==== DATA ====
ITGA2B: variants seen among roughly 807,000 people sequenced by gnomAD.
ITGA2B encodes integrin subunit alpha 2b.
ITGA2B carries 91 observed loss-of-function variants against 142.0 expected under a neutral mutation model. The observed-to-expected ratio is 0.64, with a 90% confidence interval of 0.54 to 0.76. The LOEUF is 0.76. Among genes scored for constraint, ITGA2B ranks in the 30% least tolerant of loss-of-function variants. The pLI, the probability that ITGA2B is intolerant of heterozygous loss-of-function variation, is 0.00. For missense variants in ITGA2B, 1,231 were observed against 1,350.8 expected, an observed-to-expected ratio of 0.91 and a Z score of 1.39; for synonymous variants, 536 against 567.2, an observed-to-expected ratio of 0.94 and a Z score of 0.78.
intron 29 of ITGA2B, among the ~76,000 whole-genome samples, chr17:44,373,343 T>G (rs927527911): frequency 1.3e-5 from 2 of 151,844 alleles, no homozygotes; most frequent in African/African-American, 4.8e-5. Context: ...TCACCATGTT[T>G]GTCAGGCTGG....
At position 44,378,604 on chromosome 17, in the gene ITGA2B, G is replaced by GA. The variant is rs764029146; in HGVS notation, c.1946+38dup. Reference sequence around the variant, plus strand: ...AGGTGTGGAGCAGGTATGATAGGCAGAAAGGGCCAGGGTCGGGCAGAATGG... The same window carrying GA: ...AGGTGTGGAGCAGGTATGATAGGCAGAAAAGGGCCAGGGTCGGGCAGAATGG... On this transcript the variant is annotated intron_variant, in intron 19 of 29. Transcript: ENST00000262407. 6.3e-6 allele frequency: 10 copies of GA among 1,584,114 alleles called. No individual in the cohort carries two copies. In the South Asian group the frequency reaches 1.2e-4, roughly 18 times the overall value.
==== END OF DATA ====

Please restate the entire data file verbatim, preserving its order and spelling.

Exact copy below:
ITGA2B: variants seen among roughly 807,000 people sequenced by gnomAD.
ITGA2B encodes integrin subunit alpha 2b.
ITGA2B carries 91 observed loss-of-function variants against 142.0 expected under a neutral mutation model. The observed-to-expected ratio is 0.64, with a 90% confidence interval of 0.54 to 0.76. The LOEUF is 0.76. Among genes scored for constraint, ITGA2B ranks in the 30% least tolerant of loss-of-function variants. The pLI, the probability that ITGA2B is intolerant of heterozygous loss-of-function variation, is 0.00. For missense variants in ITGA2B, 1,231 were observed against 1,350.8 expected, an observed-to-expected ratio of 0.91 and a Z score of 1.39; for synonymous variants, 536 against 567.2, an observed-to-expected ratio of 0.94 and a Z score of 0.78.
intron 29 of ITGA2B, among the ~76,000 whole-genome samples, chr17:44,373,343 T>G (rs927527911): frequency 1.3e-5 from 2 of 151,844 alleles, no homozygotes; most frequent in African/African-American, 4.8e-5. Context: ...TCACCATGTT[T>G]GTCAGGCTGG....
At position 44,378,604 on chromosome 17, in the gene ITGA2B, G is replaced by GA. The variant is rs764029146; in HGVS notation, c.1946+38dup. Reference sequence around the variant, plus strand: ...AGGTGTGGAGCAGGTATGATAGGCAGAAAGGGCCAGGGTCGGGCAGAATGG... The same window carrying GA: ...AGGTGTGGAGCAGGTATGATAGGCAGAAAAGGGCCAGGGTCGGGCAGAATGG... On this transcript the variant is annotated intron_variant, in intron 19 of 29. Transcript: ENST00000262407. 6.3e-6 allele frequency: 10 copies of GA among 1,584,114 alleles called. No individual in the cohort carries two copies. In the South Asian group the frequency reaches 1.2e-4, roughly 18 times the overall value.